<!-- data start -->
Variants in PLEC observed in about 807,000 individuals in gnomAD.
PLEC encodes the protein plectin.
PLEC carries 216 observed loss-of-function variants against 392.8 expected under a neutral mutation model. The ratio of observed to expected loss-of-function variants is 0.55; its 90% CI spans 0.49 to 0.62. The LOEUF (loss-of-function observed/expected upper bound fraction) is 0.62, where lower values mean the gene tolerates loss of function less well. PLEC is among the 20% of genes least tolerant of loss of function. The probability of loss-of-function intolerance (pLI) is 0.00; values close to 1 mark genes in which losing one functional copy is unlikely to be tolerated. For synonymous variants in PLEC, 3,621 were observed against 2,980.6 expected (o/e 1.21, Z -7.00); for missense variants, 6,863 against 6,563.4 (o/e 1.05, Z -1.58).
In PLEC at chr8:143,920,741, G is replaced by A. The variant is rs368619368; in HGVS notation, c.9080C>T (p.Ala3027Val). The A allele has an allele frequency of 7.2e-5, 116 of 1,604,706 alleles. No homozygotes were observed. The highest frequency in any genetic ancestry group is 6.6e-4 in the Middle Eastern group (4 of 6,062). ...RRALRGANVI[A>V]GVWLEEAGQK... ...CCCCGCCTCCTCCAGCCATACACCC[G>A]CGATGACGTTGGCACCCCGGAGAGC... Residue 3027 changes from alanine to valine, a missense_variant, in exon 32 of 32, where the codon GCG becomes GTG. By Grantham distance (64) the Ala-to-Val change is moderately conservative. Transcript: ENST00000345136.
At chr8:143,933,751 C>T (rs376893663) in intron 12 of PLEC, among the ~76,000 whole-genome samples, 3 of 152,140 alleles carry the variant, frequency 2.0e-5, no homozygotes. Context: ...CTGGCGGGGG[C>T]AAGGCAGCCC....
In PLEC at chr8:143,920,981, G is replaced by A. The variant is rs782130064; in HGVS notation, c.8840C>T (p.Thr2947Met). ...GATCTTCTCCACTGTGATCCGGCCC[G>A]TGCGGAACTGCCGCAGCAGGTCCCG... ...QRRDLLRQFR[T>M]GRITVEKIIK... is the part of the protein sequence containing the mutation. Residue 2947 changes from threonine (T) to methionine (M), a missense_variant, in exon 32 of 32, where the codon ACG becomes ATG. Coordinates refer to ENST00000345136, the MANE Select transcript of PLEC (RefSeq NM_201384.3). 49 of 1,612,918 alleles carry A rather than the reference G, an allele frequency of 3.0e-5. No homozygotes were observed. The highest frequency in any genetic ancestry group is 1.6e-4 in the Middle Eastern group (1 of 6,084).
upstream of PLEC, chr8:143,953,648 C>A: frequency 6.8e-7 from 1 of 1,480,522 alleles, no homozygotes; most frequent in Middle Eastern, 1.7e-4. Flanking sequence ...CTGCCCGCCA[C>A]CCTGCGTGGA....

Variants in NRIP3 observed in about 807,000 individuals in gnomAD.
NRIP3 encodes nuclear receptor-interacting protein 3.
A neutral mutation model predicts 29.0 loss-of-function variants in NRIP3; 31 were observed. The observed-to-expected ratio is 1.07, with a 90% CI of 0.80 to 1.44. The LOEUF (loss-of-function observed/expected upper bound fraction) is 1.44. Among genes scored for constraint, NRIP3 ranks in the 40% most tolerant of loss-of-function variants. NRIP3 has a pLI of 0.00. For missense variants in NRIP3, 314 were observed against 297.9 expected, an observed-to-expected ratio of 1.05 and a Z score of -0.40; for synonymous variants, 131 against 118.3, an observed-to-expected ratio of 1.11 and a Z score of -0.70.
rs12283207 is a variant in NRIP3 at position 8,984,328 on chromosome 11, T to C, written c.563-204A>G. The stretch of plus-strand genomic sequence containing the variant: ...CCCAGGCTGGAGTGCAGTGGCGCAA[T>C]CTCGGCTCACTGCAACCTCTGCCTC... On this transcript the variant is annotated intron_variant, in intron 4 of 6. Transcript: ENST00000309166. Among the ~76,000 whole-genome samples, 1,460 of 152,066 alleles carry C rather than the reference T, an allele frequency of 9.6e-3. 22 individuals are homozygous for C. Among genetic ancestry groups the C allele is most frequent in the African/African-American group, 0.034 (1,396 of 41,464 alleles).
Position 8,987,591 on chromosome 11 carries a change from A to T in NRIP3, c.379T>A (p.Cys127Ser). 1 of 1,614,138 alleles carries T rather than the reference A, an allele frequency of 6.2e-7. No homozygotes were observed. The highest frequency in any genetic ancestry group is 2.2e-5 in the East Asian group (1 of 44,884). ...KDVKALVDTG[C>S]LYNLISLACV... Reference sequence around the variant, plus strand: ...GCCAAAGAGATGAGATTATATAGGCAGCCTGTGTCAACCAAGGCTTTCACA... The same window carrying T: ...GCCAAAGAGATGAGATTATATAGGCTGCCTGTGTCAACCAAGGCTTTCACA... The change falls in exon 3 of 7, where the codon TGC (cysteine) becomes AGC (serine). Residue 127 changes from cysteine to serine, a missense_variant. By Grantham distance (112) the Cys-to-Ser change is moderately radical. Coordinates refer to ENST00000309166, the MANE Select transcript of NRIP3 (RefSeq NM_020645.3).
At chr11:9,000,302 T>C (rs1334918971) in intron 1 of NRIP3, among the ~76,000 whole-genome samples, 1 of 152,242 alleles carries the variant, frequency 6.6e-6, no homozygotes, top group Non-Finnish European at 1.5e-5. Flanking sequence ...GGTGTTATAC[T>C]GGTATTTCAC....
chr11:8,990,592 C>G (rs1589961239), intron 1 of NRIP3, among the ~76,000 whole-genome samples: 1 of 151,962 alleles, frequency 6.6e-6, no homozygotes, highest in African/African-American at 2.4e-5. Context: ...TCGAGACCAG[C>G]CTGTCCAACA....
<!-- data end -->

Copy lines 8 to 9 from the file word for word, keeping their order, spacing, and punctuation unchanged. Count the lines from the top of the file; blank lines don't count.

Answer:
Variants in NRIP3 observed in about 807,000 individuals in gnomAD.
NRIP3 encodes nuclear receptor-interacting protein 3.